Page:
Obama prepares to try to reclaim lost ground in health debate — again

When President Barack Obama tries to salvage his healthcare agenda on Wednesday, it won’t be the first time.

Obama’s heavily anticipated address to a joint session of Congress comes just six weeks after the White House tried to reclaim the healthcare debate in a nationally televised primetime press conference.

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Obama also held three town halls in August that were supposed to give him momentum after conservative opponents took control of the healthcare debate by criticizing Democratic proposals and lawmakers at local town halls.

Now some of Obama’s allies in Congress say he needs to spell out his demands in this week’s joint address if he is to regain momentum he failed to gain from those earlier appearances.

“It can't just be the absence of the current system, which has been his main argument to date,” said Paul Light, a New York University professor and expert on the presidency. “He needs to provide a compelling portrait of just what kind of world he wants to create with his healthcare package.”

Obama made a conscious decision to stay on the sidelines of the debate through much of the year to allow Congress to move forward. This was an attempt not to repeat the mistakes of the Clinton administration, which was faulted in 1993 for writing a healthcare bill with too little congressional output.

But Obama has come under criticism himself for ceding too much ground to Capitol Hill, and for not showing more leadership.

On Sunday, senior advisers offered few details on what Obama would say.

White House press secretary Robert Gibbs insisted that Obama will “draw some lines in the sand” on healthcare, but refused to be pinned down on whether the White House sees a public insurance option as essential to healthcare reform.

On ABC’s “This Week,” Gibbs said the public option is a “valuable component” of health insurance reform. On NBC’s “Meet the Press,” White House senior adviser David Axelrod argued that the public option shouldn't consume the entirety of the debate over the health bill.

“He believes the public option is a good tool,” Axelrod said. “Now, it shouldn’t define the whole healthcare debate, however.”

In hindsight, it seems clear the president missed opportunities earlier this summer to take more control of the issue.

The July 22 press conference is best remembered for Obama stepping into another controversy by criticizing Cambridge, Mass., police for their arrest of Henry Louis Gates, a black professor at Harvard detained while breaking into his own home.

Few remember Obama’s comments on healthcare, which were cerebral and focused on policy minutiae. Obama’s approval ratings have dropped since the appearance.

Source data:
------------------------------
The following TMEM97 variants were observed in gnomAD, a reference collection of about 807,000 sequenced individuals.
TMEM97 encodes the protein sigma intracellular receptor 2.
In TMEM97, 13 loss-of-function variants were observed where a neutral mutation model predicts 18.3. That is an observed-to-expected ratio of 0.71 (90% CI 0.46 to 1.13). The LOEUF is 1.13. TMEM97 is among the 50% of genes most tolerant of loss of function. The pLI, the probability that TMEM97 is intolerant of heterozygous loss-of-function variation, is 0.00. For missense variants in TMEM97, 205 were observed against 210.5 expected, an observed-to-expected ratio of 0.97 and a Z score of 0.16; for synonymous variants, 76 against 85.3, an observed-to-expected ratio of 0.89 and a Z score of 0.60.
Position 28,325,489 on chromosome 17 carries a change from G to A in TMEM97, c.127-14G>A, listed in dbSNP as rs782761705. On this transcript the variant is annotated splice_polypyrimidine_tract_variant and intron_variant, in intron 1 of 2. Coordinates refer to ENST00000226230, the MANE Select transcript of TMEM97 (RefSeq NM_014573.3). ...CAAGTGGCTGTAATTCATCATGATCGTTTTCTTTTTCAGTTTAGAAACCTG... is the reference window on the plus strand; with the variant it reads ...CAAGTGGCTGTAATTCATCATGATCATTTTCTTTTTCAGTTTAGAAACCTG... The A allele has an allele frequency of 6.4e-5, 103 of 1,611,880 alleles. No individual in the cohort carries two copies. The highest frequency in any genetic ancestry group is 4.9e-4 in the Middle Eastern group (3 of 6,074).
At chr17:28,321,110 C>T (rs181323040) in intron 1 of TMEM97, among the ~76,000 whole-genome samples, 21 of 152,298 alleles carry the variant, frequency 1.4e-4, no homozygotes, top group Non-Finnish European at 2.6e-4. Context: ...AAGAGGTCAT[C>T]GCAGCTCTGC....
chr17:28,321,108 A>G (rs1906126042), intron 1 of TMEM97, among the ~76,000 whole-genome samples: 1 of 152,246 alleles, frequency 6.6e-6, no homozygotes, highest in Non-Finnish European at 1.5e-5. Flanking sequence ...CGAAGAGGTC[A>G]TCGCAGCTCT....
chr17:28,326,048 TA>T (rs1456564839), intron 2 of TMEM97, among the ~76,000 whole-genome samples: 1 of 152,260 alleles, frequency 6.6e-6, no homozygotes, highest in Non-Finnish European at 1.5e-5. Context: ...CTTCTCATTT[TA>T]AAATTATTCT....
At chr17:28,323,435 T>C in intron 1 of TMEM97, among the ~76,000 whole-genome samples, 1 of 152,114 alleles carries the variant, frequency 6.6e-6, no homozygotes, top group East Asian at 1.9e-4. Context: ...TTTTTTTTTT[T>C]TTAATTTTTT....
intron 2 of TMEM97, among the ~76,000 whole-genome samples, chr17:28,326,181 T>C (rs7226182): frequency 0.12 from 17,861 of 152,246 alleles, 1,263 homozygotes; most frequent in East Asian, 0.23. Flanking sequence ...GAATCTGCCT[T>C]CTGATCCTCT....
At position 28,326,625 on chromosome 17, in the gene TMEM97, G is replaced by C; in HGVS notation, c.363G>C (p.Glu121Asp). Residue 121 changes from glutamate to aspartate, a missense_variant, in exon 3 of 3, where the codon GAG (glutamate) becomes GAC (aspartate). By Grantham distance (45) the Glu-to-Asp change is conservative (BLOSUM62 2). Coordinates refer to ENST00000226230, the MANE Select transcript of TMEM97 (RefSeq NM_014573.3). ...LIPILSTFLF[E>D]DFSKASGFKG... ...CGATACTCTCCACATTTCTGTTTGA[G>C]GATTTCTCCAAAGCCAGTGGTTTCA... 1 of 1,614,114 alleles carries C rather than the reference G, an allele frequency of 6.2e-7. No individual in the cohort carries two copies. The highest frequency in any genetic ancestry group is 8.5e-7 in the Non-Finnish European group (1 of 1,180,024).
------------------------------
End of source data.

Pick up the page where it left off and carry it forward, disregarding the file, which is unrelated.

Similarly, Obama failed to recapture control of the debate during his town halls, even when he used personal stories about his mother and grandmother to try to show he understood the problems of the system.

August has raised the stakes for Obama, particularly as a divide has grown within his own party over the importance of a public insurance option.

Obama will disappoint the left with anything but a firm insistence on it. At the same time, the White House has resisted making such statements, likely because it realizes the difficulty of moving legislation with a public option through both chambers of Congress.

The issue exploded after Health and Human Services Secretary Kathleen Sebelius on Aug. 16 said the administration did not see a public option as an essential element to reform. Liberals do see it as essential and are worried the White House is caving to pressure from Republicans, whom the left believes are more interested in injuring the president than finding a compromise.

Republicans argue the public option would cripple private insurers, and centrist Democrats in the House and Senate are wary of voting for legislation that includes it. It’s unclear whether enough votes can be won for a bill in the Senate that includes a public option.

But in the House, legislation may not move without a public option, given the widespread support for it on the left. Speaker Nancy Pelosi (D-Calif.) this week repeated that a public option will be included in a House bill.

Over the last week, the White House has reached out to GOP centrist Sen. Olympia Snowe (Maine), who favors including a “trigger” in legislation that would kick in a public option if private insurers do not hit certain benchmarks. The idea has been criticized by members of both parties, and MoveOn sent an e-mail to its membership on Saturday criticizing it.

The trigger, MoveOn said, “is a trap to kill healthcare reform.”

“Even if the 'trigger' conditions are met years from now, big insurance companies will start the fight all over again to stop the public option from going into effect,” the e-mail read.

Given the fact that neither the House nor Senate has approved a healthcare bill so far, Obama will have to keep some of his cards off the table Wednesday even as he tries to use his bully pulpit to change the debate and spark some momentum.

Axelrod said as much Sunday in previewing the address. He said Obama on Wednesday will say “we agree on 80 percent of this ... let's do the final 20 percent, let's get the job done, and here's how I think we should do it.